It is common in Florida for developers to push the limits of government regulation to turn a profit. But a recent claim against Hillsborough County's land-use rules is brazen even by the most generous definition of being business-friendly.
Developer Stephen J. Dibbs wants to overturn more than a dozen years of community planning that has allowed a slice of northwest Hillsborough County to retain its rural flavor amid suburban sprawl. Dibbs' federal lawsuit is a disingenuous attempt to maximize the profit potential of his real estate investments under the guise of, among other things, promoting public health and looking out for the interests of a low- and moderate-income population.
The suit, which also asks for remuneration for past land-use disputes between Dibbs and the county, seeks to invalidate the community plan for Keystone and Odessa. That plan limits residential density, targets commercial business location, sets architectural design standards and prohibits walled developments, among other things. The suit characterizes the rules as "a collection of arbitrary and discriminatory mandates created by a small group of activists.'' The contrary view is more common. When first begun in 1998, the rules were hailed widely as a model for community planning and inspired similar, though unsuccessful, efforts in neighboring Pasco County where a citizens group wanted to replicate the Cracker-style architectural standards for Land O'Lakes.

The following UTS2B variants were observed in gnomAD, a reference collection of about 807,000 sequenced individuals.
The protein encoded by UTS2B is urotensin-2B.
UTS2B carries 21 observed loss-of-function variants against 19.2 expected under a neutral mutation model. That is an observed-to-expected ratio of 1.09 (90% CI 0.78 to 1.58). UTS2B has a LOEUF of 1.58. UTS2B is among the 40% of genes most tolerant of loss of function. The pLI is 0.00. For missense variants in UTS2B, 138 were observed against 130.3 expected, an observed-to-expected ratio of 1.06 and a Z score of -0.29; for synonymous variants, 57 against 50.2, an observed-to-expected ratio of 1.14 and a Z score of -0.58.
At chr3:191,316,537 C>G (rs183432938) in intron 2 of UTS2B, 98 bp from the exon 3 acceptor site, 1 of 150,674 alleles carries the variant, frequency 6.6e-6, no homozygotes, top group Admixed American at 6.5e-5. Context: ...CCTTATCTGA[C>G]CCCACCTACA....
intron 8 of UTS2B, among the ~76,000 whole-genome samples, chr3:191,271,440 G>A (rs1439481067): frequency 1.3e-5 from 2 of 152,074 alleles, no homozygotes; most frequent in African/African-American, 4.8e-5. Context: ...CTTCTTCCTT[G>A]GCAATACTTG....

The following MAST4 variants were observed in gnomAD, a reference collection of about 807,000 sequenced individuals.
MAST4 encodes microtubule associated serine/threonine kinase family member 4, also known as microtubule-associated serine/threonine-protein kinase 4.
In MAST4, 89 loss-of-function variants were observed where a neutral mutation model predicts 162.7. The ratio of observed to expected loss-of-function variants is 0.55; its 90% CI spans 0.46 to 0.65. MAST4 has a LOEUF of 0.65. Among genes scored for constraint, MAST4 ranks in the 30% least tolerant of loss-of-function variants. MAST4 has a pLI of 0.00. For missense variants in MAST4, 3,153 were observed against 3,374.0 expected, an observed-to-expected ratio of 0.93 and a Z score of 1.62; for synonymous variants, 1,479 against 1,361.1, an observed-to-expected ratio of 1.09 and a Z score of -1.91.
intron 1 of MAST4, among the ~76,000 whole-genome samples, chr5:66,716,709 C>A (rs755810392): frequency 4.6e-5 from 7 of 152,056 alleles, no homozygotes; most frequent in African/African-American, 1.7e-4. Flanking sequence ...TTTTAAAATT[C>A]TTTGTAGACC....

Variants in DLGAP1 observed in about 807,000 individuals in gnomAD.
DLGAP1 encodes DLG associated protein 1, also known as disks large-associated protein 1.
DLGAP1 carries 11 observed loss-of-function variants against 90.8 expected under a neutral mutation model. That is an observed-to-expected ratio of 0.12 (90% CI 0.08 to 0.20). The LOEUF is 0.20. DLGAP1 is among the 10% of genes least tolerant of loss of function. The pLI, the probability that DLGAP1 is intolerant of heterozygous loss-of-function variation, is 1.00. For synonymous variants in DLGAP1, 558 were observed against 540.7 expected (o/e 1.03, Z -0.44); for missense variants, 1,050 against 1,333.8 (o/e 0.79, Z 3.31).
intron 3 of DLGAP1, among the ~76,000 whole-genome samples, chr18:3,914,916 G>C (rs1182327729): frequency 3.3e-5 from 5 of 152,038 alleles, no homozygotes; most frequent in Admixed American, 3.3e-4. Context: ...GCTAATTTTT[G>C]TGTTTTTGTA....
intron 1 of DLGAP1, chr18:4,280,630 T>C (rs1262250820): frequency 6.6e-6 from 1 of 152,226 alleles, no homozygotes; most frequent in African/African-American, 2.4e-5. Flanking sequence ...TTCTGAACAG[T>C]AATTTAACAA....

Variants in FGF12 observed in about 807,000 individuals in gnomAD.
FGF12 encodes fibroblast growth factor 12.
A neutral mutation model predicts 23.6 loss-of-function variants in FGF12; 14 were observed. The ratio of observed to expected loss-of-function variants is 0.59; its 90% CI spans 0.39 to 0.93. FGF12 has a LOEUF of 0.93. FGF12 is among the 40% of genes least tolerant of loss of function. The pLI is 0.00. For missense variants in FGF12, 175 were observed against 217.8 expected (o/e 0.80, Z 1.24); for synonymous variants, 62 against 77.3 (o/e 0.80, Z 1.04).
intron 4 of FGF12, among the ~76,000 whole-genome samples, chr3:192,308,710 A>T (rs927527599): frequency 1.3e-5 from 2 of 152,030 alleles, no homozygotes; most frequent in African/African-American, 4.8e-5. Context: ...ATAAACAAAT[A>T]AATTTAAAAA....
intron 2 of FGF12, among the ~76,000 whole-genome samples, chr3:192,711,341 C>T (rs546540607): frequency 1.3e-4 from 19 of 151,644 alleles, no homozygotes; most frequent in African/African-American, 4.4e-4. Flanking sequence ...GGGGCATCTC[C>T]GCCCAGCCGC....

Arguments can be made about the effectiveness of individual components within the plan. Low-density housing on 5-acre lots, for instance, makes central water and sewer service cost-prohibitive and forces much of the area to rely on septic tanks and well water. But to suggest that such a provision threatens public health is a stretch considering there are more than 2.6 million septic sewage systems in Florida serving about a third of the state's population. Likewise, the contention that the land-use rules discourage the less affluent from living there would be more logical if someone was actually considering Odessa-Keystone as a site for affordable housing.
Most notably, the date of the real estate transactions undermines Dibbs' claims. He purchased his property after the plan earned county approval and there isn't a good explanation for what appears to be an absence of due diligence. Granting favored treatment after the fact would be a disservice to the rest of the Odessa-Keystone area, where residents expect the county to preserve the community's rural characteristics.